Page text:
“If thou therefore wilt worship me, all shall be thine.”
Conditionalism is the foundation, and the framework, too, of all carnal religion. Like the house built upon the sand, when the floods and the winds and the rain come upon it, it falls. Equivalent reward is the promised result of compliance with the offered conditions. “If.” So much depends upon the force and power of this little word. If you will follow the dictates of the carnal mind, the spirit which controls it will give you all within its jurisdiction. But inasmuch as that jurisdiction only embraces carnal things, therefore “He that soweth to his flesh, shall of the flesh reap corruption,” as a necessary result. The temptations presented to Jesus in the wilderness were not an isolated experience of Jesus only. Whatever can be said of him under temptation, can be said also of every member of his body. Between Jesus and his redeemed, the power of resisting or withstanding temptation is not in the strength of the temptation, but in the abundance of grace given. It is declared that “Jesus being Full of the Holy Ghost returned from Jordan and was led by the Spirit into the wilderness.” Surely Jesus in his humanity was sorely tempted; for did he not come in a body of flesh, and was “in all points tempted as we are”? And also, “For in that he himself hath suffered being tempted, he is able to succor them that are tempted.” He was without sin in the sense that he was given grace without measure, therefore he was able to resist all sin and all temptation; while to his people the gift of grace is in measure. Consequently we fall by the wayside, and into all manner of pitfalls, that we may be succored in all points as we are tempted. Just here is a point upon which there has been much controversy. It is contended by some that the body of Jesus’ flesh was not like our body; that our body is a body of sin, while his was a sinless body. If that were so, how could he be Like unto his brethren? If that were so, how could he have been “made under the law”! The law has jurisdiction only over these who are under its curse. Well, some will say, he took our sins (not his own) and bare them in his own body. Yes, that is true, but how? When he came under the law in a body of flesh, was it not our flesh in which he cane! Being born of Mary, was he not our very brother! and he had a body of flesh, and the flesh is sin. None will deny that. But as I have before quoted, he was “full of the Holy Ghost,” by which he was able to keep the law, and to live above sin. In that sense then he bore our sins in his own body. Yet he himself was without sin, because grace without measure was given him, by which he was able to resist all temptation. Therefore sin had no dominion over him, yet he was tempted in all points as are we. What is it that constitutes temptation? Must there not be an object greatly to be desired, also a subject whose greatest striving is to gain possession of the object! In the absence of either there could be no temptation. And Adam been created holy, could unholy desires have possessed him? Had Jesus been above all temptation, how could he have been tempted? The record by Luke declares thus: “Being forty days tempted of the devil.” In small measure we all know something of the terrible temptations with which he was tempted in his flesh. And what a cross was the denial, and how severe was the resistance, and the superabundance of grace necessary to overcome. Therefore could he say, out of his own perfect knowledge through suffering and sore trials, “If any man will come after me, lot him deny himself, and take up his cross daily and follow me.” Then follows this record, “And in those days he did eat nothing, and when they were ended he afterward hungered.” The devil was too smart to offer him a stone, but he did say, “If thou be the Son of God, command this stone that it be made bread.” When one is hungry, it denotes a perishing body, a demand for bread, with a longing desire to obtain it. Had he been offered a stone, would that have been any temptation? No indeed. Had he been offered bread, would That have been any temptation? Yes indeed, his perishing body was crying out for it. This is the strong hope of our sonship, that we are succored in that our Deliverer was tempted as we are, and overcame our temptations in and through his suffering. Now the devil took Jesus up into a high mountain, and shewed him all the kingdoms of the world in a moment of time, and offered him all the power and glory of them on these conditions: ”if thou therefore wilt worship me, all shall be thine.” This is the very essence of all the carnal religion extant in the world: do and live. If you will do, so shall you have. There is no Jesus seen or felt in that kind of religion. Man is the power, and has full liberty to choose, to act, or to let it all alone, and so be lost. When the power and glory of all the worlds were offered to Jesus, think ye not it was a sore temptation? For was he not subjected to these things in our own flesh? For surely power and glory is the highest ambition to which man would attain; and the higher he reaches in the ladder of them, the less esteem he has for his fellow man. But how different with the followers of the lowly Lamb of God. Of Mary, the angel of the Lord said unto Joseph, “And she Shall bring forth a son, and thou Shalt call his name Jesus, for he Shall save his people from their sins.” No conditions there, no Ifs to stumble over, to fall and to die. The only If in the vocabulary of the saints is, If indeed I be risen with Christ. And the doubt arises in our carnal mind, (which is a very nest of ifs) and not in any uncertainty of the power and of the work of the salvation of God in Christ Jesus our Lord. In answer to the devil’s fine offer, Jesus said, “Get thee behind me, Satan, for it is written, Thou shalt worship the Lord thy God, and him only shalt thou serve.” Can the trembling, fearing little child of God say in his own strength, “Get thee behind me, Satan”? No indeed. But when but a moment before he (or she) is tormented with a legion of devils, and in gore straits, suffering untold agony, not knowing whither to turn, the voice of Jesus speaks, saying, “Get thee behind me, Satan.” We look up, and now our enemies have fled at the voice of Jesus, and we behold Jesus only. The power of his resurrection stands between us and all our enemies. Surely this is how we realize the power of his resurrection. There are no conditions when Jesus deals with our arch enemy. He makes no offer with an If, but he commands, and every earthly power obeys. Does the little child wince under the sovereign rule of their heavenly and divine Master when he says, “I wilt,” and “thou shalt”! No, never. But with joy unspeakable they nestle in his sweet embrace, and his banner over them is love. May we all richly experience the fellowship which the sufferings of Christ have brought into our souls, and remember always that he came where we were, entered the death chamber of his bride, and saw her pollution, then in humility and suffering took up our thread of life, worked out its hidden and mysterious problem by his own death and resurrection, making darkness light before us, clothing us in big spotless robe of righteousness, and presenting us before the throne of the Father’s glory, as a bride adorned for her husband.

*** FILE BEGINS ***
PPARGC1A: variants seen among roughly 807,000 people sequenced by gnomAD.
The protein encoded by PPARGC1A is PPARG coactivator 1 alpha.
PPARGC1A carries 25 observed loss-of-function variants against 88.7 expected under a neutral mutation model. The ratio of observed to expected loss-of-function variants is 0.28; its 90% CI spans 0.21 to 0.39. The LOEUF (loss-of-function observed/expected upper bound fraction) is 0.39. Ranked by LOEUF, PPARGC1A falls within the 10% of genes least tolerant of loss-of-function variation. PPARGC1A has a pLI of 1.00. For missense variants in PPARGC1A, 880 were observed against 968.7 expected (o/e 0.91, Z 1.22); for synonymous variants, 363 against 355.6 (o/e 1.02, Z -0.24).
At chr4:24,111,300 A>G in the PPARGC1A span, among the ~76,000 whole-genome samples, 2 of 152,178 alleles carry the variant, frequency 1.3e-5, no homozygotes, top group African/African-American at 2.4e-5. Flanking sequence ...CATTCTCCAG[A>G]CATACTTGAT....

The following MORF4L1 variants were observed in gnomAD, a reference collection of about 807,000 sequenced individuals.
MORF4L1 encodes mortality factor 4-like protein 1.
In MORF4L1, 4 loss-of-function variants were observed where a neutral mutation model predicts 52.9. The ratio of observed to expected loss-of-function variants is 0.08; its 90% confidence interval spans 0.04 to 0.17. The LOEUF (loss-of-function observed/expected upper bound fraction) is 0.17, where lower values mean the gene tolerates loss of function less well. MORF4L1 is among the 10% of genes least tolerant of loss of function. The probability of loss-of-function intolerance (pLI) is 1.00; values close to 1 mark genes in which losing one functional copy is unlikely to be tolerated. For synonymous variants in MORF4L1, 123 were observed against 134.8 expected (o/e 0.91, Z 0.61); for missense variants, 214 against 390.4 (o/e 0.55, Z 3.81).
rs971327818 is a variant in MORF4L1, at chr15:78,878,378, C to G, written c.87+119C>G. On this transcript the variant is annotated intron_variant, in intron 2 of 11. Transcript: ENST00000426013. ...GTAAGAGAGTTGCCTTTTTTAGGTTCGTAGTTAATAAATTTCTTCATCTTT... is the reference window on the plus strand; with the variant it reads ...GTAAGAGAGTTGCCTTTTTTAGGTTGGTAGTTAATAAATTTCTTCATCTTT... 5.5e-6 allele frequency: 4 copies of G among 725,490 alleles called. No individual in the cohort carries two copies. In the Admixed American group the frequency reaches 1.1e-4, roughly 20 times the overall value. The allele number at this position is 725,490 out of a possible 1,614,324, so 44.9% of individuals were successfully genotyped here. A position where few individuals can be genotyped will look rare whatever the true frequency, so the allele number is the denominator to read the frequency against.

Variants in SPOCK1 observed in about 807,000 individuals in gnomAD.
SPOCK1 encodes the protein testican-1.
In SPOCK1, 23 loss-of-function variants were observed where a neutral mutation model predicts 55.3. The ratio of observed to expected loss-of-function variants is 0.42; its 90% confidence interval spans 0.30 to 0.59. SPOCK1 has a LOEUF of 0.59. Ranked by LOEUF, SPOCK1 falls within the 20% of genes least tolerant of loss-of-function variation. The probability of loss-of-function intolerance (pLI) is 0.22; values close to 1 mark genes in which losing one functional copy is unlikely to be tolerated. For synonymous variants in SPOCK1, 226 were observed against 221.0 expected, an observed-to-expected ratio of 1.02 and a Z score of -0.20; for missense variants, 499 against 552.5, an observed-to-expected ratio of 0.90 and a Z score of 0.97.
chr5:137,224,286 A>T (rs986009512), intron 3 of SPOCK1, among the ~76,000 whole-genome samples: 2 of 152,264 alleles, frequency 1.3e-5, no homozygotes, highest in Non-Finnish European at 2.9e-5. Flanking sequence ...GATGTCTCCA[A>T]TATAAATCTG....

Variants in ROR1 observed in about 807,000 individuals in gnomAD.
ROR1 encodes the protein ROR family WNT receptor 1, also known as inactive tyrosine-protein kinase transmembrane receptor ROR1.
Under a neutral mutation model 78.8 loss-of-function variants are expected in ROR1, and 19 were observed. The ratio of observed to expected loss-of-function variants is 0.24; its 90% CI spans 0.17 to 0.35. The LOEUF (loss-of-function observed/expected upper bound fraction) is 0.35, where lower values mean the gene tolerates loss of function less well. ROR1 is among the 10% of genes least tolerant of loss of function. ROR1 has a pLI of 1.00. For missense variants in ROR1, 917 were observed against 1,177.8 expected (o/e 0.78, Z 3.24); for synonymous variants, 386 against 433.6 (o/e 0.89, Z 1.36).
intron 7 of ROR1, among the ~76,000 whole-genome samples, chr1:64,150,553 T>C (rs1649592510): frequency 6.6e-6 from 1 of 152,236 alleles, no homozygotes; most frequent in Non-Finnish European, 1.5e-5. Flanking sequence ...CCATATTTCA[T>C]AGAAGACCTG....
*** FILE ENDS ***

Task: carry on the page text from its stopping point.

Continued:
B. F. COULTER.
Philadelphia, Pa, July 21, 1902.
Signs Of The Times
Volume 70., No. 17.
SEPTEMBER 1, 1902.